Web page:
[lit-ideas] Re: The Order of Aurality (ratification of fiction?)

  • From: "Eric Yost" <mr.eric.yost@xxxxxxxxx>
  • To: <lit-ideas@xxxxxxxxxxxxx>
  • Date: Sat, 10 Mar 2012 20:15:04 -0500

[extract of

Thomas Reid, a leading member of
the Scottish Enlightenment, argued that an original principle implanted
in us: "is a
disposition to confide in the veracity of others and to believe what
they tell us.It is
unlimited in children" (1764, p. 237). Twentieth century philosophers
have agreed.
Bertrand Russell wrote: "Doubt, suspense of judgment and disbelief all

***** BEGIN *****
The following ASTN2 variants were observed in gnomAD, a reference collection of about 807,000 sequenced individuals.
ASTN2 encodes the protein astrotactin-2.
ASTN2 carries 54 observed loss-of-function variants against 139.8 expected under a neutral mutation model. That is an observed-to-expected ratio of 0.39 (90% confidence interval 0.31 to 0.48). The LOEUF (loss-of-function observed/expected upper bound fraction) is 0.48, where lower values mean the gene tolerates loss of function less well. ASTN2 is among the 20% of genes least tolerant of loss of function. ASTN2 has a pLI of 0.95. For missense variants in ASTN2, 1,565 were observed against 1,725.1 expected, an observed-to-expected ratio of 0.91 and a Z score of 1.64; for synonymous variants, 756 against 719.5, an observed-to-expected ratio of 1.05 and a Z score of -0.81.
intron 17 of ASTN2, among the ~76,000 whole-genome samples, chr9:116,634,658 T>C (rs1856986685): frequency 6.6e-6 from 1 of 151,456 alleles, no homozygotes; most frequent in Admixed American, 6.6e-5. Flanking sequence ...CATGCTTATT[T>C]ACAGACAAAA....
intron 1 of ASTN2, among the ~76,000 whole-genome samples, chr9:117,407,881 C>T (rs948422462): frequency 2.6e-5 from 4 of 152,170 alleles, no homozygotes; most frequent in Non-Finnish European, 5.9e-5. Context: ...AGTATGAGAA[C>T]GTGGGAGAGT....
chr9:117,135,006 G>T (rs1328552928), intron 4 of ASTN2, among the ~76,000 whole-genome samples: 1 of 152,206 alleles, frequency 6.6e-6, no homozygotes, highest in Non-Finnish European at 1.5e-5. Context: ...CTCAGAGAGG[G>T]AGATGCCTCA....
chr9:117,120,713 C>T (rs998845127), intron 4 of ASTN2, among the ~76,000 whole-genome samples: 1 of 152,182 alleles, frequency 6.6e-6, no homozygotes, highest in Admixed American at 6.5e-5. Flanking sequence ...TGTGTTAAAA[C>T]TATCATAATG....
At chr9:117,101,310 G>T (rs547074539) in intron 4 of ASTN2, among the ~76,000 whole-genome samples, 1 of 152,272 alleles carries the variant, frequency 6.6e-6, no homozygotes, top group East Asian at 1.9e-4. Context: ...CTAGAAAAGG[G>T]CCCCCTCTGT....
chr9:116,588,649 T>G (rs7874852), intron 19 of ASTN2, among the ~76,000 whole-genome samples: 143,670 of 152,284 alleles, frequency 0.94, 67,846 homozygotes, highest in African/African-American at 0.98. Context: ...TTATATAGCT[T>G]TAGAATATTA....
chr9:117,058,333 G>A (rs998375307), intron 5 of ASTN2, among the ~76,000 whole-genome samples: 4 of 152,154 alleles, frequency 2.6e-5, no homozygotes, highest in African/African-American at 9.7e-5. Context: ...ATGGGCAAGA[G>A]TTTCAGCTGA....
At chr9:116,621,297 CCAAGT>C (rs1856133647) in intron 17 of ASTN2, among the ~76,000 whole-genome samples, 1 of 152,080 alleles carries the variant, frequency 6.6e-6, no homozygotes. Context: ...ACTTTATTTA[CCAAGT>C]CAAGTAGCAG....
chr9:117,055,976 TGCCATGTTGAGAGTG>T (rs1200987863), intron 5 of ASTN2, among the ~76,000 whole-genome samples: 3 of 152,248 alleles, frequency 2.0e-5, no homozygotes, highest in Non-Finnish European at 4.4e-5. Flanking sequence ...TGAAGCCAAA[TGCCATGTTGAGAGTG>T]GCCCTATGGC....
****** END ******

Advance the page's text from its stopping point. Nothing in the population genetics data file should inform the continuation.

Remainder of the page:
seem later and
more complex than a wholly unreflecting assent" (1921, p. 249).
Similarly, Wittgenstein
claimed that: "A child learns there are reliable and unreliable
informants much later than
it learns the facts which are told it" (1969, sec. 143). The same
emphasis on early
credulity and the absence of doubt can be found among contemporary
psychologists and
biologists. Dan Gilbert, for example, proposes that: "Children are
especially credulous,
especially gullible, especially prone toward acceptance and belief"
(p.111) and Richard
Dawkins calls attention to the alleged biological advantages of such

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